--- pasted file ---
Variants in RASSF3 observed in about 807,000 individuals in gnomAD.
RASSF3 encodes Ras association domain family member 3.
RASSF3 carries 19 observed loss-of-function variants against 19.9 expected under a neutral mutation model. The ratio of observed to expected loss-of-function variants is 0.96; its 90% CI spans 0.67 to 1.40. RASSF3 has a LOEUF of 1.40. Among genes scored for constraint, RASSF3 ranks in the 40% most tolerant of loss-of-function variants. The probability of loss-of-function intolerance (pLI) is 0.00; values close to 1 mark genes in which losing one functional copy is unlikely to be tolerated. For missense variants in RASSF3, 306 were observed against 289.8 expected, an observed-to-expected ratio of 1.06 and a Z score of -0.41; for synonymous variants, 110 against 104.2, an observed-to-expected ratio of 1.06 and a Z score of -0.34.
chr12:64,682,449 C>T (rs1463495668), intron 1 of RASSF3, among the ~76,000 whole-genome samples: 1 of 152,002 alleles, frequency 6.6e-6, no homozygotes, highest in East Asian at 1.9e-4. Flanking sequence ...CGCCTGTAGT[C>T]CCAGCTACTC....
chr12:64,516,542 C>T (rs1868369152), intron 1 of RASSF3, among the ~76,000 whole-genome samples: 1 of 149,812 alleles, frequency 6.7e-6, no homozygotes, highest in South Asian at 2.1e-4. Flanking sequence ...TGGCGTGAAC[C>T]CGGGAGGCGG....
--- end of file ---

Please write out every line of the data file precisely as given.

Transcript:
Variants in RASSF3 observed in about 807,000 individuals in gnomAD.
RASSF3 encodes Ras association domain family member 3.
RASSF3 carries 19 observed loss-of-function variants against 19.9 expected under a neutral mutation model. The ratio of observed to expected loss-of-function variants is 0.96; its 90% CI spans 0.67 to 1.40. RASSF3 has a LOEUF of 1.40. Among genes scored for constraint, RASSF3 ranks in the 40% most tolerant of loss-of-function variants. The probability of loss-of-function intolerance (pLI) is 0.00; values close to 1 mark genes in which losing one functional copy is unlikely to be tolerated. For missense variants in RASSF3, 306 were observed against 289.8 expected, an observed-to-expected ratio of 1.06 and a Z score of -0.41; for synonymous variants, 110 against 104.2, an observed-to-expected ratio of 1.06 and a Z score of -0.34.
chr12:64,682,449 C>T (rs1463495668), intron 1 of RASSF3, among the ~76,000 whole-genome samples: 1 of 152,002 alleles, frequency 6.6e-6, no homozygotes, highest in East Asian at 1.9e-4. Flanking sequence ...CGCCTGTAGT[C>T]CCAGCTACTC....
chr12:64,516,542 C>T (rs1868369152), intron 1 of RASSF3, among the ~76,000 whole-genome samples: 1 of 149,812 alleles, frequency 6.7e-6, no homozygotes, highest in South Asian at 2.1e-4. Flanking sequence ...TGGCGTGAAC[C>T]CGGGAGGCGG....